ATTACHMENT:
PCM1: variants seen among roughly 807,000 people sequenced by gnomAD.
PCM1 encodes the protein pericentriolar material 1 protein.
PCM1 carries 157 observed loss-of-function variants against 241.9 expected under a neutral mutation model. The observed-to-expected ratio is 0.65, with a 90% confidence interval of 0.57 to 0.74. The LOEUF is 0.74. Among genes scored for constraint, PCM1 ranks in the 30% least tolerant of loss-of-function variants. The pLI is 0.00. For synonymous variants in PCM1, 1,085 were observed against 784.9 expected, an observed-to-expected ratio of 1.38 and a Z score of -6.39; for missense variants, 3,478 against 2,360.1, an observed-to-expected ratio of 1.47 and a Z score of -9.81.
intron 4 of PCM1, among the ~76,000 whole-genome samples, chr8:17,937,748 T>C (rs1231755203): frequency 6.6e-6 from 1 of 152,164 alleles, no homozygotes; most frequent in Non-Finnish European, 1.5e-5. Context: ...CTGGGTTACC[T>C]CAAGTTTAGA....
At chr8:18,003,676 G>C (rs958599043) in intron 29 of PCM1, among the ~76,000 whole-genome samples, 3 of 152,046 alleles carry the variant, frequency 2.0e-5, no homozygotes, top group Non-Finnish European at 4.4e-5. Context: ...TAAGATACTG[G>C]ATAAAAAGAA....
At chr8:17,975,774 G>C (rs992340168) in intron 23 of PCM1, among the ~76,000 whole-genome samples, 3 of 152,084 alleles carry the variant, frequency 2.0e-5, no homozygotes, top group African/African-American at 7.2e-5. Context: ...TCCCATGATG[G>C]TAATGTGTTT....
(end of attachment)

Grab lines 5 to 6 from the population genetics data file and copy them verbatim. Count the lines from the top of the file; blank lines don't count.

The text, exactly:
At chr8:18,003,676 G>C (rs958599043) in intron 29 of PCM1, among the ~76,000 whole-genome samples, 3 of 152,046 alleles carry the variant, frequency 2.0e-5, no homozygotes, top group Non-Finnish European at 4.4e-5. Context: ...TAAGATACTG[G>C]ATAAAAAGAA....
At chr8:17,975,774 G>C (rs992340168) in intron 23 of PCM1, among the ~76,000 whole-genome samples, 3 of 152,084 alleles carry the variant, frequency 2.0e-5, no homozygotes, top group African/African-American at 7.2e-5. Context: ...TCCCATGATG[G>C]TAATGTGTTT....